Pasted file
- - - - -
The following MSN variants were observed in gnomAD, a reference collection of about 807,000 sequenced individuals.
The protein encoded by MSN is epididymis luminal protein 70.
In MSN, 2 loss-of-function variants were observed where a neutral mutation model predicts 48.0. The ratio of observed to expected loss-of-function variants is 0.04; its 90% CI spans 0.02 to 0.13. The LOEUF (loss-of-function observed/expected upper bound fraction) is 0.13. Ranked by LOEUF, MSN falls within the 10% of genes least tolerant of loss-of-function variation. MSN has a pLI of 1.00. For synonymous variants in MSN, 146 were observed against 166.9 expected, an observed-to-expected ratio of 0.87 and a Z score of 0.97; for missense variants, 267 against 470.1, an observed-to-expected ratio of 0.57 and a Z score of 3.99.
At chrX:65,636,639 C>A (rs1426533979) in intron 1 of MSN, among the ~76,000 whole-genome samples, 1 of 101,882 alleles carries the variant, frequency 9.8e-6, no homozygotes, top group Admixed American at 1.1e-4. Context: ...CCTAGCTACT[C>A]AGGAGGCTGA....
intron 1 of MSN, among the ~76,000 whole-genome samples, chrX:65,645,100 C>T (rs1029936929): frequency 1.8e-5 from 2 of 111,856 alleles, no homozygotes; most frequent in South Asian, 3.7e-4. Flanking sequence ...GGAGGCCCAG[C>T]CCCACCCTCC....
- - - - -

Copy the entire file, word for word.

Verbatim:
The following MSN variants were observed in gnomAD, a reference collection of about 807,000 sequenced individuals.
The protein encoded by MSN is epididymis luminal protein 70.
In MSN, 2 loss-of-function variants were observed where a neutral mutation model predicts 48.0. The ratio of observed to expected loss-of-function variants is 0.04; its 90% CI spans 0.02 to 0.13. The LOEUF (loss-of-function observed/expected upper bound fraction) is 0.13. Ranked by LOEUF, MSN falls within the 10% of genes least tolerant of loss-of-function variation. MSN has a pLI of 1.00. For synonymous variants in MSN, 146 were observed against 166.9 expected, an observed-to-expected ratio of 0.87 and a Z score of 0.97; for missense variants, 267 against 470.1, an observed-to-expected ratio of 0.57 and a Z score of 3.99.
At chrX:65,636,639 C>A (rs1426533979) in intron 1 of MSN, among the ~76,000 whole-genome samples, 1 of 101,882 alleles carries the variant, frequency 9.8e-6, no homozygotes, top group Admixed American at 1.1e-4. Context: ...CCTAGCTACT[C>A]AGGAGGCTGA....
intron 1 of MSN, among the ~76,000 whole-genome samples, chrX:65,645,100 C>T (rs1029936929): frequency 1.8e-5 from 2 of 111,856 alleles, no homozygotes; most frequent in South Asian, 3.7e-4. Flanking sequence ...GGAGGCCCAG[C>T]CCCACCCTCC....